From future states to images of identity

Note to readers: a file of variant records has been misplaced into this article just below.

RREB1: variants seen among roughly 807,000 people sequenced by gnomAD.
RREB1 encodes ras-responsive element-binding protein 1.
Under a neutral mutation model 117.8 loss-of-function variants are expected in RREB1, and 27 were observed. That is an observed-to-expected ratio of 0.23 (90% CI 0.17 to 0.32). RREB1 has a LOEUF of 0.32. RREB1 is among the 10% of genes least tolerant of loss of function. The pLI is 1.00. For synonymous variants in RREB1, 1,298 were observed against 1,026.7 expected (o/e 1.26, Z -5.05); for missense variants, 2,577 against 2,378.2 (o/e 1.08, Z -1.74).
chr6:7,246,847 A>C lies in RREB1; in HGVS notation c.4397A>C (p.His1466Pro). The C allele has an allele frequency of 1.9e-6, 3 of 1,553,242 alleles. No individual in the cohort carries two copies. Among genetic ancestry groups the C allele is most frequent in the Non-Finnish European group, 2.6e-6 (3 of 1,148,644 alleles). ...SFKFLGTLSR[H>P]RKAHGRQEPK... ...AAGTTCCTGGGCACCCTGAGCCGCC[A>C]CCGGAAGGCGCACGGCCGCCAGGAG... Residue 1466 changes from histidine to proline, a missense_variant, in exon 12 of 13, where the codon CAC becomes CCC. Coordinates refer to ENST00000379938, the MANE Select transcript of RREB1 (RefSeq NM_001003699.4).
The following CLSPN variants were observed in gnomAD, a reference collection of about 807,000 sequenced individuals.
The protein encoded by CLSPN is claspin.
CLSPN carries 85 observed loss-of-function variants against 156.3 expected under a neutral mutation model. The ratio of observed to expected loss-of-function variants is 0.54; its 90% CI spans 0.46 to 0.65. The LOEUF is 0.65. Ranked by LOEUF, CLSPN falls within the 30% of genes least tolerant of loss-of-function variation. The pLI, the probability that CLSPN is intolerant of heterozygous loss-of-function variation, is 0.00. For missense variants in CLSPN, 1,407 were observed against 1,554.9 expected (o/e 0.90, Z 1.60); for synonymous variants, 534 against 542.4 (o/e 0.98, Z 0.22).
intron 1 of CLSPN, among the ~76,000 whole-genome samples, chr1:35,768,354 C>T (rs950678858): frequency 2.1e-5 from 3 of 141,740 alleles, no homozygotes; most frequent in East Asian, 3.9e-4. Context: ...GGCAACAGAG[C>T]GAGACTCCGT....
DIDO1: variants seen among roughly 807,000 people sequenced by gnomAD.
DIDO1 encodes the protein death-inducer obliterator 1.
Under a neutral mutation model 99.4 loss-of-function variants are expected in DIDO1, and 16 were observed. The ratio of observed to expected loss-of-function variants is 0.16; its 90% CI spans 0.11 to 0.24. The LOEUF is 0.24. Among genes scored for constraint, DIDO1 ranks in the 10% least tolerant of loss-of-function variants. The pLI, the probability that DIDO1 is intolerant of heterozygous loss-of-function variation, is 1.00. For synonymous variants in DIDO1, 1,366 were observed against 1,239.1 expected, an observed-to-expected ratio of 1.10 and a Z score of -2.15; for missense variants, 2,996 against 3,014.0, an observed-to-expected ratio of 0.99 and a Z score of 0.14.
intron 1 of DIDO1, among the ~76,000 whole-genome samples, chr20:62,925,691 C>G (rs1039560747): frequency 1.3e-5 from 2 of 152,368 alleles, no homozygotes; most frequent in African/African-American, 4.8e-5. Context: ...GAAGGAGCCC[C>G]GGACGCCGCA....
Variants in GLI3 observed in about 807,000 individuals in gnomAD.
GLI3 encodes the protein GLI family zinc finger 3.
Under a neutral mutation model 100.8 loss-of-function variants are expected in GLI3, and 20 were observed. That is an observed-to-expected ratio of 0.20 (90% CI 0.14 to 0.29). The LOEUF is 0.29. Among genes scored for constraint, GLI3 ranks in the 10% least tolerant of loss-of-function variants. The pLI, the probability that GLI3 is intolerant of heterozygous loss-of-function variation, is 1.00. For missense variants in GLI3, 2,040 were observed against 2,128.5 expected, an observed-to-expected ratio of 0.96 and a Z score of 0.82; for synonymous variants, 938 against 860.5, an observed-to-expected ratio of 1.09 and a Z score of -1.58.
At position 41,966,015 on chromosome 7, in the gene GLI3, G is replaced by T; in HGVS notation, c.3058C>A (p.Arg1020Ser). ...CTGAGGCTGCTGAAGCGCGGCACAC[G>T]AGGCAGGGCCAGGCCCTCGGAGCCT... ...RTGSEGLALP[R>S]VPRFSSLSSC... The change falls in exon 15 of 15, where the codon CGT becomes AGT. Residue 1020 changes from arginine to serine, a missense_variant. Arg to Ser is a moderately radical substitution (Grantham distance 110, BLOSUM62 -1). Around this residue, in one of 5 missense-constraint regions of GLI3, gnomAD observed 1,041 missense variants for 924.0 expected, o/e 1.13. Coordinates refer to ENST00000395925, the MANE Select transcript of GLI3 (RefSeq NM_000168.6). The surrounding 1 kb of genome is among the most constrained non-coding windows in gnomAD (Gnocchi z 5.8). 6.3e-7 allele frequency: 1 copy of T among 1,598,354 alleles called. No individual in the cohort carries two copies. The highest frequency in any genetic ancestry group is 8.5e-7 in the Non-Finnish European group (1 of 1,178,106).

Purpose ‐ The aim of this paper is to review the use of scenario-building at the central government level in New Zealand and to consider an alternative technique ‐ national imaging ‐ for stimulating public discussion of the future. Design/methodology/approach ‐ The paper briefly surveys New Zealand's history of prospective government before examining scenario construction during the Foresight Project convened by the Ministry of Research, Science and Technology during the late 1990s. Both the official scenarios produced and the guidance given to sector participants to produce their own scenarios are discussed. Findings ‐ Scenario-building in a national government context has pitfalls and limitations, namely that the technique is too ambitious, too socially unitary, and too implicitly long-term to be really useful as a primary focus. Consideration of the shortcomings gives rise to an alternative procedure which focuses on developing images of national identity or conduct rather than envisioning or predicting future states. Practical implications ‐ Scenario building need not be dispensed with, but should be subordinated to democratic discussion of ways of collectively orienting to the future. Originality/value ‐ The paper introduces a new technique of "national imaging" as one that may better serve as an initial (not exclusive) tool of democratic envisioning of the future at the national level.